# Need help with expectation value !

1. Feb 29, 2008

### begyu85

1. The problem statement, all variables and given/known data

I have a random, uniformly distributed vector with Cartesian components x,y,z. I should calculate the expectation value of the products of the components, e.g. $$<x\cdot x>, <x\cdot y>, ..., <z\cdot z>$$.

2. Relevant equations

In spherical coordinates the $$x,y,z$$ components are

$$x = \sin(\theta)\cdot\cos(\phi)$$
$$y= \sin(\theta)\cdot\sin(\phi)$$
$$z = \cos(\theta)$$

$$<x\cdot x> =\int f(x)\cdot x^2 dx = const.\times \int x^2 dx$$,
because the probability density function is constant of the uniform probability distribution.

3. The attempt at a solution

I think it is useful to convert the Cartesian coordinates to spherical coordinates. So for example

$$<x\cdot x> = \int_{0}^{\pi}d\theta\int_{0}^{2\pi}d\phi~~[\sin(\theta)\cdot\cos(\phi)]^{2}$$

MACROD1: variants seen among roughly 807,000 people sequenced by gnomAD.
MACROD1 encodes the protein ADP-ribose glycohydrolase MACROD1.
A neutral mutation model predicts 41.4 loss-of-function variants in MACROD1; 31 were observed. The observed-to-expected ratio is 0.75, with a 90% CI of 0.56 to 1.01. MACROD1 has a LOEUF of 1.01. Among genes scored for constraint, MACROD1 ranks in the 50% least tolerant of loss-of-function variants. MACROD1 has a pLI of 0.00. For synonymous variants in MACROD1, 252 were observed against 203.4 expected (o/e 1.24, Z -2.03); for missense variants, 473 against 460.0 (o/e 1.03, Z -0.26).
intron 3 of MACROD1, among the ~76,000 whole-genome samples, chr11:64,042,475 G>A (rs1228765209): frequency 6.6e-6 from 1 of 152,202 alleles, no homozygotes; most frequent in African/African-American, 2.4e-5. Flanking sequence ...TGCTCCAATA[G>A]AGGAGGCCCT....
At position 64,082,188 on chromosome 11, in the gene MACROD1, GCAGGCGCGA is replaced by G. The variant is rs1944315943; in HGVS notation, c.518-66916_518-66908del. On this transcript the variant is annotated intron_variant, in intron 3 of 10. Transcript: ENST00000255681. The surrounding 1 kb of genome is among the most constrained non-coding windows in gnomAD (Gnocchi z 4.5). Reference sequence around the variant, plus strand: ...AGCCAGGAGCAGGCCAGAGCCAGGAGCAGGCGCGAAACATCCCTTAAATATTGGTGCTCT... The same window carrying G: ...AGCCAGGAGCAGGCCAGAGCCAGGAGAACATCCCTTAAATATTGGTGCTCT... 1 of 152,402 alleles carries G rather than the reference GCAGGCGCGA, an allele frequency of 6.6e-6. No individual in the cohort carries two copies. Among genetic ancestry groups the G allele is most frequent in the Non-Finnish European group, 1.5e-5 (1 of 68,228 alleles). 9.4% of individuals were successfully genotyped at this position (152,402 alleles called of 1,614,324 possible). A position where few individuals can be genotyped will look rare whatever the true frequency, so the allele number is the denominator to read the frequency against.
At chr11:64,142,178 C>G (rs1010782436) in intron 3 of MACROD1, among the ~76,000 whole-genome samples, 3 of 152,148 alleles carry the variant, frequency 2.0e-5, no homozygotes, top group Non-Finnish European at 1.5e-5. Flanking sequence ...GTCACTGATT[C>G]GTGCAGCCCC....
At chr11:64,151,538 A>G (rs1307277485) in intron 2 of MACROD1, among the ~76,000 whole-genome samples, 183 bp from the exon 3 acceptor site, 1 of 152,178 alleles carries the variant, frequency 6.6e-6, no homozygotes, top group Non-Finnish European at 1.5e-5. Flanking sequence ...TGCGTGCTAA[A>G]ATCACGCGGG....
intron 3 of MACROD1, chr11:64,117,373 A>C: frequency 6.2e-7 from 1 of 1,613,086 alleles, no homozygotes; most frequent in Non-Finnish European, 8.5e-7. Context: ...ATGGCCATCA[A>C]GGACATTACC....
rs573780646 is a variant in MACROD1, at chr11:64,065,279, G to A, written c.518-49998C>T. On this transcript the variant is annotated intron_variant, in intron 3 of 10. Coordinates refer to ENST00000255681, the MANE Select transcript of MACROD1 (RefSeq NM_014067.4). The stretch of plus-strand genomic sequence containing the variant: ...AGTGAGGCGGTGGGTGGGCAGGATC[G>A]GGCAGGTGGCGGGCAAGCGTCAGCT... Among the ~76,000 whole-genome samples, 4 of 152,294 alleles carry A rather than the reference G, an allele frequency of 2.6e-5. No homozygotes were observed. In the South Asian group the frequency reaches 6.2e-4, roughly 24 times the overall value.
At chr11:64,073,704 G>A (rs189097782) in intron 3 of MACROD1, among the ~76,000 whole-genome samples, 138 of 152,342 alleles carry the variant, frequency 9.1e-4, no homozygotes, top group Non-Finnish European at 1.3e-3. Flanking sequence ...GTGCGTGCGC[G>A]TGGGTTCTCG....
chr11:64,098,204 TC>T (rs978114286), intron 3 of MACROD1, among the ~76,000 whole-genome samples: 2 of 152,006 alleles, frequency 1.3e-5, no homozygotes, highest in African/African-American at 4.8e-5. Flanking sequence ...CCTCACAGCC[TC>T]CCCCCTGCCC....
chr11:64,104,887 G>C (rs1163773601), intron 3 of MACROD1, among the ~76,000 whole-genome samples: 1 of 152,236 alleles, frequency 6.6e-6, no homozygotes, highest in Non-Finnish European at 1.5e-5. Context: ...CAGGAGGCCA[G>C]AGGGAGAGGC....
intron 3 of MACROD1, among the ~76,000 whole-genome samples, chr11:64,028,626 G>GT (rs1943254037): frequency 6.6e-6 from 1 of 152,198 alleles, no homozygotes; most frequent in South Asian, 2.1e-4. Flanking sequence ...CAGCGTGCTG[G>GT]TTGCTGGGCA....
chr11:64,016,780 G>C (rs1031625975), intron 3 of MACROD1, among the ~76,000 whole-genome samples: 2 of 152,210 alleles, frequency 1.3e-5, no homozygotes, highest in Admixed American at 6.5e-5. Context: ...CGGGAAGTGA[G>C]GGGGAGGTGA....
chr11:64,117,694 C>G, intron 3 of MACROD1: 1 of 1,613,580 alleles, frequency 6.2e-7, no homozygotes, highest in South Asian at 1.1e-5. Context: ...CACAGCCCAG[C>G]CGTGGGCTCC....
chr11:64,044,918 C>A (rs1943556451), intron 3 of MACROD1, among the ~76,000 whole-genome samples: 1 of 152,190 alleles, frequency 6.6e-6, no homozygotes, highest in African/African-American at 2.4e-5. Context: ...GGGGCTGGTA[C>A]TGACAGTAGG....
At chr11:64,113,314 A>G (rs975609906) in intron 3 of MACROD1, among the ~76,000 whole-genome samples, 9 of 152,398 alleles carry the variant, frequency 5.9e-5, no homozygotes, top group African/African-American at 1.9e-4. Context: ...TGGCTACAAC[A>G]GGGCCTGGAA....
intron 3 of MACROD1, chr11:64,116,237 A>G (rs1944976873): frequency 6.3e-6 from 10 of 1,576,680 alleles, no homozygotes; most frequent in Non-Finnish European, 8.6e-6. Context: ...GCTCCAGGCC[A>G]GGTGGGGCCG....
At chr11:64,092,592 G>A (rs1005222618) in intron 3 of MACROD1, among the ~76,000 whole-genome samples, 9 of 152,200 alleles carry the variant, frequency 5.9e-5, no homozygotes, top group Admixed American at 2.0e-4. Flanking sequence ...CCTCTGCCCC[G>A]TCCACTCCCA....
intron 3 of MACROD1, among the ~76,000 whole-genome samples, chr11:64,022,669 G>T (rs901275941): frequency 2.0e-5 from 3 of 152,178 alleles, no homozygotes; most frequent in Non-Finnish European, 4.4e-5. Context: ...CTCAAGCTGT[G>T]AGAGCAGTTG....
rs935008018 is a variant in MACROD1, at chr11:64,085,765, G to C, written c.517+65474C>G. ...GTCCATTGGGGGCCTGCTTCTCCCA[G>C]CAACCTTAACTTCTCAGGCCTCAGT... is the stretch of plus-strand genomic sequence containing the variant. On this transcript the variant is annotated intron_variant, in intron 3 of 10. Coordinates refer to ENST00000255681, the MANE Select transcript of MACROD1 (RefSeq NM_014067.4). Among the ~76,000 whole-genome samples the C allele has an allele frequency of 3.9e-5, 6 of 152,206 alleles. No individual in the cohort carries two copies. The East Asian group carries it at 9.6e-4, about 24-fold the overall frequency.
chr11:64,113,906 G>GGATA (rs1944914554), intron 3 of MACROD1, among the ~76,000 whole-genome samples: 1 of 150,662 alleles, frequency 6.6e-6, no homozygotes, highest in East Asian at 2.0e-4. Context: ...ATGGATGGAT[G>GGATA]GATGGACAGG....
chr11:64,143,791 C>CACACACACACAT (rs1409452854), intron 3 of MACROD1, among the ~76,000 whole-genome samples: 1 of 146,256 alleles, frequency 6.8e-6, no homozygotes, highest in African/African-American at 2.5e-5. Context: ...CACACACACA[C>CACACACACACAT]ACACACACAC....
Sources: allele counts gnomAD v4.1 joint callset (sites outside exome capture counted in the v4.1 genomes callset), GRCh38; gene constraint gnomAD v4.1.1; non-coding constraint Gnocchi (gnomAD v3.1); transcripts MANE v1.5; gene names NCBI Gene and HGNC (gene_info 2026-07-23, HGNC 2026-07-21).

I wrote a program for this, and the solution is:

$$<x\cdot x> = <y\cdot y> = <z\cdot z> = \frac{1}{3}$$
and the other terms are zero.

But the solution of the above integral is not 1/3.

2. Mar 1, 2008

### chaoseverlasting

You dont need to convert to spherical coordinates, the limit you're assuming is from 0 to 1 on all three axes. And the value of the integral IS 1/3, but you've forgotten to multiply by f(x).

I dont know if youre calculating the same expectation value, but in QM, $$<f>=\int_{a}^{b}f(r)*f'*f(r)'dr$$,

where f' is the operator, f(r) is the function (physical quantity), and f(r)' is its conjugate. If f is real only, then f(r)=f(r)' and the integral becomes,

$$f(r)^2\int_{a}^{b}f'dr$$

If that is what you were trying to calculate, then you missed out by a factor of $$f(x)^2$$. Also, $$\theta$$ is a constant, not a variable.